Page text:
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Genghis Khan and the Making of the Modern World by Weatherford is a very well-written book which uncovers and explains in a very unique, simple and modern way of how the life and deeds of Genghis Khan are connected to the foundations of the modern world. It answers all the questions about Genghis Khan and the Mongols - his people. Weatherford provides a clearer view on the deeds and history of Genghis Khan and his people considering the fact that Genghis Khan is widely known to be a bad person and he and his people's rape of every country and culture they have conquered. A common person who does not know the real score about Genghis Khan and his people would probably have heard of Genghis Khan as a demon and all of the negative things that can be attributed to anyone. Weatherford provides a way to reveal the positive nature and effects of Genghis Khan's works and feats. In this way, the reader would probably believe that his knowledge of world history and of the Mongols is way far from what the real picture is. Jack Weatherford's accounts creates a more equal grounds of examination and understanding of what the real Mongol world looks like and how it affected the modern world today. According to Anthropology.net, Jack Weatherford is an anthropologist who specializes in the process of modernization. He received an Honorary Doctorate degree of Humanities from Chinggis Khaan College in Mongolia. He spent time in Mongolia experiencing the life of a steppe nomad while researching Genghis Khan. After reading the book, the reader will be convinced that the book was well-knowledgeable and that Genghis Khan and his nation were thoroughly researched. In addition, he worked on the issues of monetization on cultures and the impacts of other lesser known or popular cultures on the modern human life. His book basically contains a revisionist tone and that it tries to justify and redeem the negative stereotype on Genghis Khan and his nation. Weatherford wrote the book to be able to reevaluate the history of the Mongols.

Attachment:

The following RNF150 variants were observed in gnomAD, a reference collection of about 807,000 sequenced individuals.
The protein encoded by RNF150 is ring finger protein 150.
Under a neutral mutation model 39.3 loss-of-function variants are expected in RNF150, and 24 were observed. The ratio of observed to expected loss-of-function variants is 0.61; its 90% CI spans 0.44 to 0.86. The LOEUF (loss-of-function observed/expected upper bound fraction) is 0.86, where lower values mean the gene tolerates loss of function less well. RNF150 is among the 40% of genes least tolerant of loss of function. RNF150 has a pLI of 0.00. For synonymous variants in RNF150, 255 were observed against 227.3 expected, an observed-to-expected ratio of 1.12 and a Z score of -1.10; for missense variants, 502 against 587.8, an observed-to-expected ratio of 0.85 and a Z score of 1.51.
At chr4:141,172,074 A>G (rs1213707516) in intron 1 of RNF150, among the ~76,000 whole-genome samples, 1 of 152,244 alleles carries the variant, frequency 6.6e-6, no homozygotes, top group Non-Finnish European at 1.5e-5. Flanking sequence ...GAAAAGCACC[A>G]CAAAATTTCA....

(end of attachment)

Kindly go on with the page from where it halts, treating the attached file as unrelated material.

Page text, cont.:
Normally, a person who studied world history would probably think that Genghis Khan is the most known barbarian in world history, however, questions of why and how did this perception was established and how it took place is very important to be answered. The book is basically about the life of Genghis Khan, which is divided into three parts: the first part describes the time from his birth to his rise as an emperor, the second part describes the Mongol World conquests, and the third part focuses on how the Mongolian Dynasty impacted modern society. The transitions of each part are compact and flowing which is very easy to read. Furthermore, it contains valuable nuggets of historical information that are very useful, efficient and very fun to read. Many interesting historical facts that were stated in the book include: (1) the Mongols invented a lot of unprecedented and civilized institutions such as the first postal service; (2) Genghis Khan fully modified and integrated a paper money system that was not entirely successful in the originating culture, China; and lastly, (3) they wore silk shirts for armor. These information provided re-evaluation of the history and stereotype of the Mongols.